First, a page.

There’s no question Chief Executive Officer Donald J. Babb’s fingerprints are all over Citizens Memorial Hospital and CMH Health Care Foundation campuses throughout southwest Missouri.
And now, those visiting the flagship Bolivar campus will also find Babb’s name, front and center.
During a reception Saturday, Jan. 4, CMH board chair Patrick Douglas revealed the hospital’s plans to name the Bolivar campus’ main building the Donald J. Babb Medical Center.
Babb, who’s been CMH’s only CEO in its 39-year history, is set to retire Friday, Jan. 31.
Surrounded by a crowd of Babb’s friends, family and colleagues, leaders from across the state and nation came together Saturday night to honor Babb, calling him a compassionate champion, health care giant, leader in the industry, mentor and legend.
“From humble beginnings, we today employ more than 2,300 employees, have more than 100 physicians on medical staff, over 400 dedicated volunteers, have total gross revenues in excess of $480 million, own 50 buildings and have land in eight counties,” Douglas said. “We’ve come a long way, and we certainly did it on the backs of our employees and the vision of Donald J. Babb.”
Bolivar mayor Chris Warwick said Babb made an immeasurable impact on the community when he worked to bring a hospital to Bolivar nearly 40 years ago.
Missouri State Rep. Mike Stephens, R-Bolivar, echoed Warwick’s sentiments.
“Anyone who knows the story of CMH knows a number of us were in on its conception and inception and had the privilege to have the ride of our lives to turn not only this institution, but this community, into something far greater than it imagined it could be,” Stephens said.
Stephens said when a group of people came together in the early 1980s to form CMH, they were “just too young, too naive and too stupid to know that it could not be done.”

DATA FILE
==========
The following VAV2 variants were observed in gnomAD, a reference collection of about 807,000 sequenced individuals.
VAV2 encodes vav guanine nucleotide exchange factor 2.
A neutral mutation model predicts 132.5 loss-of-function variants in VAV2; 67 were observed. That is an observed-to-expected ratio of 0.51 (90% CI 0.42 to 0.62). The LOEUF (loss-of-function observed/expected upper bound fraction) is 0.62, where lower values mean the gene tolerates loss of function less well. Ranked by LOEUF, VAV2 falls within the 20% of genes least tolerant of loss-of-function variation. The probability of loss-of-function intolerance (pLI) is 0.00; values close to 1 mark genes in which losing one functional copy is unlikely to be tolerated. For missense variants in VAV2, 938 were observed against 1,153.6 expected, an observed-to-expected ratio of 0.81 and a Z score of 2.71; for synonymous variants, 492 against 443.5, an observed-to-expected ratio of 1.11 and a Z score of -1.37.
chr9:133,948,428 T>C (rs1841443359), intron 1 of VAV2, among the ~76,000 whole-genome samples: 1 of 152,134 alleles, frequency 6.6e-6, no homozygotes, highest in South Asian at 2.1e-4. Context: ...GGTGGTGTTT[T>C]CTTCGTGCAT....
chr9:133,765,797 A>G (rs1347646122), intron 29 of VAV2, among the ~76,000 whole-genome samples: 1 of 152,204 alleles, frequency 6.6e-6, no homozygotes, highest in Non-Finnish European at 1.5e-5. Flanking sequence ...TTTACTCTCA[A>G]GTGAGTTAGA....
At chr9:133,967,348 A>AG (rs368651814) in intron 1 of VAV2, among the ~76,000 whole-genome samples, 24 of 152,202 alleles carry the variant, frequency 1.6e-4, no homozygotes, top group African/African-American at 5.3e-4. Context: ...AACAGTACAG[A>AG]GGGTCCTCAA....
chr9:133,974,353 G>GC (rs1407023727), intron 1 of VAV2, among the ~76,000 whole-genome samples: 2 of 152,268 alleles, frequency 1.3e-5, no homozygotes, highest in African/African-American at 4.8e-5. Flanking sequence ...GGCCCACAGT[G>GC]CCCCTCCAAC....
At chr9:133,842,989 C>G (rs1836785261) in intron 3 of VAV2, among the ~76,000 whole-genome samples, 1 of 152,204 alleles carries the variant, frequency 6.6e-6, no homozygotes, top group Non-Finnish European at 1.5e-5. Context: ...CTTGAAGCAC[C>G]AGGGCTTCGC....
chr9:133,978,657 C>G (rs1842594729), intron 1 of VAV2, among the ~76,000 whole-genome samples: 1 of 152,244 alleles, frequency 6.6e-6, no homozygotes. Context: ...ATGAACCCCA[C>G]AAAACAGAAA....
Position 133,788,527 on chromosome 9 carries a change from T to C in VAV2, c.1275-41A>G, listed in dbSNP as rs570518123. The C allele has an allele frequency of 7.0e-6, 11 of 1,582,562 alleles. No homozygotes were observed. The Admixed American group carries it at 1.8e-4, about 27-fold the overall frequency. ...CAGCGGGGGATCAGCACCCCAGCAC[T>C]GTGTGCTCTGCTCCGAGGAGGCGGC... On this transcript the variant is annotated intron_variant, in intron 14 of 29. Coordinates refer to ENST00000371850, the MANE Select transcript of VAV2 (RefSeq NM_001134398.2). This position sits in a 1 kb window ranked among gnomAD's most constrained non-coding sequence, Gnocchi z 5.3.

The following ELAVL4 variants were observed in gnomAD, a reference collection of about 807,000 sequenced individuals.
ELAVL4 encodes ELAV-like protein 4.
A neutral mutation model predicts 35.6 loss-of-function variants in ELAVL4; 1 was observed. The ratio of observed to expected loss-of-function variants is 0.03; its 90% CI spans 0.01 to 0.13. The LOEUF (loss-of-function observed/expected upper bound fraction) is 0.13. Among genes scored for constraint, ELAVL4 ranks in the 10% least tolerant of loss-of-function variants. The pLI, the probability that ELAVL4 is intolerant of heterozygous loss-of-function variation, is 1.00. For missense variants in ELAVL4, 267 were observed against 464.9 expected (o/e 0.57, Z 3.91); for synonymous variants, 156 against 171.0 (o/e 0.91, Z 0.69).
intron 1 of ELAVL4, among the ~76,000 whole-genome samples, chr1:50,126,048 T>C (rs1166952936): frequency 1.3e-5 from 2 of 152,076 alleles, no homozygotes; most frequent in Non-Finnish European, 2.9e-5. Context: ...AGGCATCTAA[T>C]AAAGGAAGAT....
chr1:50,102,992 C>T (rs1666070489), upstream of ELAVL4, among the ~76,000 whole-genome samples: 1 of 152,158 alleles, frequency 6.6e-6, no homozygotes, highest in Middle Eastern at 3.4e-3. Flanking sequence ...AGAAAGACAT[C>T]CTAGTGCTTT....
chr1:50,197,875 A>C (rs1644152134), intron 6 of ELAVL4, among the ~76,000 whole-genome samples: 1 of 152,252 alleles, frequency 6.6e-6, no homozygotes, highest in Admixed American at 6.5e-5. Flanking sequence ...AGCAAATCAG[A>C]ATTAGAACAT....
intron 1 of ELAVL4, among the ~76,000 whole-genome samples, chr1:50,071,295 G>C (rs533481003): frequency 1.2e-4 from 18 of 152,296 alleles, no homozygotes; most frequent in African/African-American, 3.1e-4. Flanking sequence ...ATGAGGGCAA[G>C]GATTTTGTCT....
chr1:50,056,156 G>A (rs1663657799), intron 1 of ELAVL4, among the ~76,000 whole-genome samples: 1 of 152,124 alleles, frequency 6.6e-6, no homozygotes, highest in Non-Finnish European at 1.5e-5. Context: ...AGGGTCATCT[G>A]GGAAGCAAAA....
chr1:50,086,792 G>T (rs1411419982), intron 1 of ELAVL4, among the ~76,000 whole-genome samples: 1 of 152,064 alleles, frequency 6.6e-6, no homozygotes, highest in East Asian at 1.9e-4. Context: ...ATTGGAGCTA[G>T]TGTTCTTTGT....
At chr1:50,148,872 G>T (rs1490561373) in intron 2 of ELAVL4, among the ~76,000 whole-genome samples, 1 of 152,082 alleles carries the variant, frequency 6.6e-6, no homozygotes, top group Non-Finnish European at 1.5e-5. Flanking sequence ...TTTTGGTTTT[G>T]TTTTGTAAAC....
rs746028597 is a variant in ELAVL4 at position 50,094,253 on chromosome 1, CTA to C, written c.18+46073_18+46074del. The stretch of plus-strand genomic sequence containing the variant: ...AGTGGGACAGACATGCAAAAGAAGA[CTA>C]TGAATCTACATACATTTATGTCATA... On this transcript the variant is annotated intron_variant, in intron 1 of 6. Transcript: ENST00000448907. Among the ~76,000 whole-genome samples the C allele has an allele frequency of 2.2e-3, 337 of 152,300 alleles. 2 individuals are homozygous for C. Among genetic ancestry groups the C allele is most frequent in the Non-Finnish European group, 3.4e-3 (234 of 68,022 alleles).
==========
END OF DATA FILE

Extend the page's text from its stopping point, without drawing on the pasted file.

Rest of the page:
“With that ignorance in hand, we marched forward, and so many wonderful things fell into place,” he said.
Stephens said it was more than just vision that enabled Babb to spearhead bringing a health care system to Bolivar and growing it throughout the region.
He said it was Babb’s “ability to see clearly what is already in front of you and to have the guts, the management skills, the work ethic and the tenacity to put it together.”
“The combination of those qualities — you just don’t often find dreamers and doers in the same package,” Stephens said. “That is Don Babb.”
Herb Kuhn, president and CEO of the Missouri Hospital Association, said it’s common to see “stories from all across the country of communities, rural communities, struggling to maintain health care services.”
“And as a result, sadly, you’re seeing some of these medical deserts start to creep up in communities all across this country,” Kuhn said. “But not here in Bolivar. What we’ve seen Don quietly build is a medical oasis.”
Kuhn said Babb was able to build up the CMH system because he recognized it as a community asset and was willing to collaborate and work with others to bring health care services to those in need.
“To make this happen, Don was an early innovator,” Kuhn said. “He recognized you needed to go outside the four walls of the hospital. … It was about the well-being of the community. He has a nose for need like no one else I’ve ever seen.”
U.S. Senator Roy Blunt, who said he had a flag flown over the U.S. Capitol Saturday in Babb’s honor, said the community’s ongoing support is one reason CMH has been successful when other rural health systems have failed.
“You have to keep the community continuing to buy-in and give them a reason to want to be part of something extraordinary and exceptional,” Blunt said.
But Missouri Gov. Mike Parson, a Bolivar resident and Babb’s longtime friend, said the CEO’s success was about more than just his vision and the community’s support.
He said the secret to success is “never about being the best.”
“It’s never about being the best CEO. It’s never about being the best governor,” Parson said. “It’s about making all the people around you better. If you can do that, you are going to be successful in your own right.”
Parson said Babb’s greatest legacy isn’t in awards and accolades, buildings and programs, but “in the people’s lives that he’s affected that he’ll never see, that he’ll never meet.”
“It’ll be about the people who come through these doors to have better health, to be better citizens, to have better lives, to have more opportunities, to live a little longer, to save a life,” he said.
Nikki Strong, executive director of the Missouri Health Care Association, said Babb’s influence spreads far beyond the four walls of a hospital building or Bolivar city limits.
“Most of you here this evening know Mr. Babb as a health care giant in the Citizens Memorial Healthcare system here in Bolivar and in the southwest part of the state,” Strong said. “But what you may not know or realize is that Mr. Babb has been a health care giant and a voice of health care for the entire state of Missouri.”